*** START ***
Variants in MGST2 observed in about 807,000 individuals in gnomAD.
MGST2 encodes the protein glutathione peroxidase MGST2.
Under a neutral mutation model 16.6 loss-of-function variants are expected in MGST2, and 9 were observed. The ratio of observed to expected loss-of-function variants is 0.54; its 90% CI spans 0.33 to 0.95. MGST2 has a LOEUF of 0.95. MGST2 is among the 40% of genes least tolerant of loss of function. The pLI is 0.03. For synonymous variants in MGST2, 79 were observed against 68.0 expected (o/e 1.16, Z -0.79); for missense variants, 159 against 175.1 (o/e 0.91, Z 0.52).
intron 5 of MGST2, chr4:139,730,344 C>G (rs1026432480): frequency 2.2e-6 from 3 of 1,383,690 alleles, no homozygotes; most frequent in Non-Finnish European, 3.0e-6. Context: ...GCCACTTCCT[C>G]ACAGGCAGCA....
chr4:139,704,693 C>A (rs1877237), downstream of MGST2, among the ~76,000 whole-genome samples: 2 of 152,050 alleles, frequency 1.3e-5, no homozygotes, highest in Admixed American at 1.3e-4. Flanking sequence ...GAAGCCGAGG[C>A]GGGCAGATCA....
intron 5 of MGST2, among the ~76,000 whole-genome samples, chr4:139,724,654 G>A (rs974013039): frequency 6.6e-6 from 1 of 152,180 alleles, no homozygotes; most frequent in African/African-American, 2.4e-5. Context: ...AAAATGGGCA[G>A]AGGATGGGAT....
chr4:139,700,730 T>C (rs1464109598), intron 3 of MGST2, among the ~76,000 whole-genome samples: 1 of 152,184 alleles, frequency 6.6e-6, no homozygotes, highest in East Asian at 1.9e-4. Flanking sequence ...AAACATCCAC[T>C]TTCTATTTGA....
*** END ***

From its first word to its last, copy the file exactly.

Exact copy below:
Variants in MGST2 observed in about 807,000 individuals in gnomAD.
MGST2 encodes the protein glutathione peroxidase MGST2.
Under a neutral mutation model 16.6 loss-of-function variants are expected in MGST2, and 9 were observed. The ratio of observed to expected loss-of-function variants is 0.54; its 90% CI spans 0.33 to 0.95. MGST2 has a LOEUF of 0.95. MGST2 is among the 40% of genes least tolerant of loss of function. The pLI is 0.03. For synonymous variants in MGST2, 79 were observed against 68.0 expected (o/e 1.16, Z -0.79); for missense variants, 159 against 175.1 (o/e 0.91, Z 0.52).
intron 5 of MGST2, chr4:139,730,344 C>G (rs1026432480): frequency 2.2e-6 from 3 of 1,383,690 alleles, no homozygotes; most frequent in Non-Finnish European, 3.0e-6. Context: ...GCCACTTCCT[C>G]ACAGGCAGCA....
chr4:139,704,693 C>A (rs1877237), downstream of MGST2, among the ~76,000 whole-genome samples: 2 of 152,050 alleles, frequency 1.3e-5, no homozygotes, highest in Admixed American at 1.3e-4. Flanking sequence ...GAAGCCGAGG[C>A]GGGCAGATCA....
intron 5 of MGST2, among the ~76,000 whole-genome samples, chr4:139,724,654 G>A (rs974013039): frequency 6.6e-6 from 1 of 152,180 alleles, no homozygotes; most frequent in African/African-American, 2.4e-5. Context: ...AAAATGGGCA[G>A]AGGATGGGAT....
chr4:139,700,730 T>C (rs1464109598), intron 3 of MGST2, among the ~76,000 whole-genome samples: 1 of 152,184 alleles, frequency 6.6e-6, no homozygotes, highest in East Asian at 1.9e-4. Flanking sequence ...AAACATCCAC[T>C]TTCTATTTGA....